Colin's Journal

Colin's Journal: A place for thoughts about politics, software, and daily life.

May 12th, 2013

Mileage in ExpenseClam

In previous releases of ExpenseClam I’ve introduced two major new features: mileage and attachments. Of the two, mileage proved to be the easier to do within the existing application structure.

When designing the mileage functionality I decided early on that I wanted to make mileage work the same way as other types of expense as closely as possible. Mileage expenses would appear in the same list of unclaimed expenses, be exported in the same spreadsheet file and be moved into claims in the same fashion.

The easiest way to do this would be to have a mileage specific screen that generated expense records using exactly the same format as normal expenses. This approach is used by a number of competitors and is very lightweight to implement.

The downside to this design is that once a mileage record has been entered it loses mileage specific fields (such as distance, mileage rate, etc).  I decided on a slightly more involved way of solving the problem: extending the expenses records to have mileage specific fields and creating a specific set of screens for creating and editing mileage records.

The code that lists expenses required only minor tweaking in order to distinguish between the two record types. The export code required additional columns in the spreadsheet output for mileage records, and code for managing expenses in claims was unchanged.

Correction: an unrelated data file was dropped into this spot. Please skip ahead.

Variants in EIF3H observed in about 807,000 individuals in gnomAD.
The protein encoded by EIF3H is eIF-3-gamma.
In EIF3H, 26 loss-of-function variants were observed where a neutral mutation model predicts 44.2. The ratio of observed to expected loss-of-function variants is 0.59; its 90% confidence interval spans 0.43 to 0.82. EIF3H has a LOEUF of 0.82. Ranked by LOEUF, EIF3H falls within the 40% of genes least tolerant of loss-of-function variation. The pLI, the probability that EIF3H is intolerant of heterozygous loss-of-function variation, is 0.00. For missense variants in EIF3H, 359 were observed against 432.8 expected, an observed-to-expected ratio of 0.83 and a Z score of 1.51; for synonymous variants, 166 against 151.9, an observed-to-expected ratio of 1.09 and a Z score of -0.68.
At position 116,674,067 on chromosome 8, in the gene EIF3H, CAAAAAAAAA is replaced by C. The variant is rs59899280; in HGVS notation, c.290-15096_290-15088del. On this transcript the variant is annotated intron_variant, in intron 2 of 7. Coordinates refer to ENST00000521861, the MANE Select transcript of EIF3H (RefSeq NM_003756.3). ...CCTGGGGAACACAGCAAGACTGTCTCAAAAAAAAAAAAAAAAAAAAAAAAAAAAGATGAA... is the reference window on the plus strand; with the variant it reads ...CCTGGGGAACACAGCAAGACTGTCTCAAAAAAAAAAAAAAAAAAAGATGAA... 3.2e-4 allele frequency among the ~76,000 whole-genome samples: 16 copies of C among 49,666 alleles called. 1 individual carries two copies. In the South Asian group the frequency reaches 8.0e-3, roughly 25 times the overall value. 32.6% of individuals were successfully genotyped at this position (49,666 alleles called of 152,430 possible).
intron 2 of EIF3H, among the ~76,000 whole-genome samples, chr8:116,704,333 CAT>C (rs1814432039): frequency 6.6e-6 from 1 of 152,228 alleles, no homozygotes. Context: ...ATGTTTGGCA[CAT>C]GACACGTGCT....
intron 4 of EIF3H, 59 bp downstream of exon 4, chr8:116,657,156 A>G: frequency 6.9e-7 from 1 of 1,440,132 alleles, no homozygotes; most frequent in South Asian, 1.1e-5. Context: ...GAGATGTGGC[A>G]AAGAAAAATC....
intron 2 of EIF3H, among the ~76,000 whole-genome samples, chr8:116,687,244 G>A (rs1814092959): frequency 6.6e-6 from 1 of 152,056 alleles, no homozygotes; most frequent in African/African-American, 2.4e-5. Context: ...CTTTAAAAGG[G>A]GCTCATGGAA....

When a new or existing expense is opened ExpenseClam determines which UI is required and launches the appropriate Activity. Both sets of screens have a common super class that contains all the common logic for managing the life cycle of creating, discarding and saving expenses. Code for handling receipts is restricted to the expense handling class, while distance calculation logic is restricted to the mileage class, hopefully making maintenance easy.

If I had dropped support for Android versions earlier than Honeycomb I could probably have maintained a common activity and used separate fragments to achieve the same effect. However to support Gingerbread and earlier I have most of the Actionbar logic in the Activities, along with code for coordinating interactions between other Activities.

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